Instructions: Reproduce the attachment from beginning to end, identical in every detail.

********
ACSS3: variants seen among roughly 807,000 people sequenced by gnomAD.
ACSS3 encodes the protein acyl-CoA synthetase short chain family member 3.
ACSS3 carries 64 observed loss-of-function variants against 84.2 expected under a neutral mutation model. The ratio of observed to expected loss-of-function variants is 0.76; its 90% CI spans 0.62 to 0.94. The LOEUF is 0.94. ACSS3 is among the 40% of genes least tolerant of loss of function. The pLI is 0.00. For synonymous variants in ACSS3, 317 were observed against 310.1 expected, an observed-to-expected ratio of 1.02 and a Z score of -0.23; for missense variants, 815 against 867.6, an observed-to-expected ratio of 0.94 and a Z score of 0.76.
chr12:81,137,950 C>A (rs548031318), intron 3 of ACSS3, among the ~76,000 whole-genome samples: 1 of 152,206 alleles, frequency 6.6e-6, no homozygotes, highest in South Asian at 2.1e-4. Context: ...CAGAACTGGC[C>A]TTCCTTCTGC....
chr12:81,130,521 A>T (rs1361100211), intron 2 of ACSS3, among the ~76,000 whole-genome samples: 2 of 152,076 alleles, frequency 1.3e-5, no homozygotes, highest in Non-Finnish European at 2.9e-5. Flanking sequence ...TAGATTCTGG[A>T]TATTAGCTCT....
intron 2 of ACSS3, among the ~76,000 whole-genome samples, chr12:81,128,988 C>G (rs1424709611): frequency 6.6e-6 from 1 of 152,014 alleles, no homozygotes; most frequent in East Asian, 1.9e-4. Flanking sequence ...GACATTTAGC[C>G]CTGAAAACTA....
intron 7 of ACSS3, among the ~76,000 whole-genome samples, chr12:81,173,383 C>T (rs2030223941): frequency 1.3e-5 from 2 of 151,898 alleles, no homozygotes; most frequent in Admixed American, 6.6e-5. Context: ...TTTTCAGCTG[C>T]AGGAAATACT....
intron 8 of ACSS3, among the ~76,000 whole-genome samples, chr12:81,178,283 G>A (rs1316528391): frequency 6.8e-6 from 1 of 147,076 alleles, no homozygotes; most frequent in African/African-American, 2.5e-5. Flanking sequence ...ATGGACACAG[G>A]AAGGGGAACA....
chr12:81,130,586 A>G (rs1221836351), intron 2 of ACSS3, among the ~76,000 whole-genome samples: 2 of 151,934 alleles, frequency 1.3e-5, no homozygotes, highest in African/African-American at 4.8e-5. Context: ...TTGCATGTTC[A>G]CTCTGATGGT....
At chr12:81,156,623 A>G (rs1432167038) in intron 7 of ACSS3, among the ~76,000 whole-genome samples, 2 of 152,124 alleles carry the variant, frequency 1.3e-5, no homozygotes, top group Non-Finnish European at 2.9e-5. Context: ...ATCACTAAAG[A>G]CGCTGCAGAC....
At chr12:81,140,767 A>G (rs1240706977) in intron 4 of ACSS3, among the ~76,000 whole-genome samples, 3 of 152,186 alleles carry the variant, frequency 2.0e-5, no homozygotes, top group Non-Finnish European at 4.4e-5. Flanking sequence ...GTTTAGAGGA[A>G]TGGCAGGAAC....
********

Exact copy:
ACSS3: variants seen among roughly 807,000 people sequenced by gnomAD.
ACSS3 encodes the protein acyl-CoA synthetase short chain family member 3.
ACSS3 carries 64 observed loss-of-function variants against 84.2 expected under a neutral mutation model. The ratio of observed to expected loss-of-function variants is 0.76; its 90% CI spans 0.62 to 0.94. The LOEUF is 0.94. ACSS3 is among the 40% of genes least tolerant of loss of function. The pLI is 0.00. For synonymous variants in ACSS3, 317 were observed against 310.1 expected, an observed-to-expected ratio of 1.02 and a Z score of -0.23; for missense variants, 815 against 867.6, an observed-to-expected ratio of 0.94 and a Z score of 0.76.
chr12:81,137,950 C>A (rs548031318), intron 3 of ACSS3, among the ~76,000 whole-genome samples: 1 of 152,206 alleles, frequency 6.6e-6, no homozygotes, highest in South Asian at 2.1e-4. Context: ...CAGAACTGGC[C>A]TTCCTTCTGC....
chr12:81,130,521 A>T (rs1361100211), intron 2 of ACSS3, among the ~76,000 whole-genome samples: 2 of 152,076 alleles, frequency 1.3e-5, no homozygotes, highest in Non-Finnish European at 2.9e-5. Flanking sequence ...TAGATTCTGG[A>T]TATTAGCTCT....
intron 2 of ACSS3, among the ~76,000 whole-genome samples, chr12:81,128,988 C>G (rs1424709611): frequency 6.6e-6 from 1 of 152,014 alleles, no homozygotes; most frequent in East Asian, 1.9e-4. Flanking sequence ...GACATTTAGC[C>G]CTGAAAACTA....
intron 7 of ACSS3, among the ~76,000 whole-genome samples, chr12:81,173,383 C>T (rs2030223941): frequency 1.3e-5 from 2 of 151,898 alleles, no homozygotes; most frequent in Admixed American, 6.6e-5. Context: ...TTTTCAGCTG[C>T]AGGAAATACT....
intron 8 of ACSS3, among the ~76,000 whole-genome samples, chr12:81,178,283 G>A (rs1316528391): frequency 6.8e-6 from 1 of 147,076 alleles, no homozygotes; most frequent in African/African-American, 2.5e-5. Flanking sequence ...ATGGACACAG[G>A]AAGGGGAACA....
chr12:81,130,586 A>G (rs1221836351), intron 2 of ACSS3, among the ~76,000 whole-genome samples: 2 of 151,934 alleles, frequency 1.3e-5, no homozygotes, highest in African/African-American at 4.8e-5. Context: ...TTGCATGTTC[A>G]CTCTGATGGT....
At chr12:81,156,623 A>G (rs1432167038) in intron 7 of ACSS3, among the ~76,000 whole-genome samples, 2 of 152,124 alleles carry the variant, frequency 1.3e-5, no homozygotes, top group Non-Finnish European at 2.9e-5. Context: ...ATCACTAAAG[A>G]CGCTGCAGAC....
At chr12:81,140,767 A>G (rs1240706977) in intron 4 of ACSS3, among the ~76,000 whole-genome samples, 3 of 152,186 alleles carry the variant, frequency 2.0e-5, no homozygotes, top group Non-Finnish European at 4.4e-5. Flanking sequence ...GTTTAGAGGA[A>G]TGGCAGGAAC....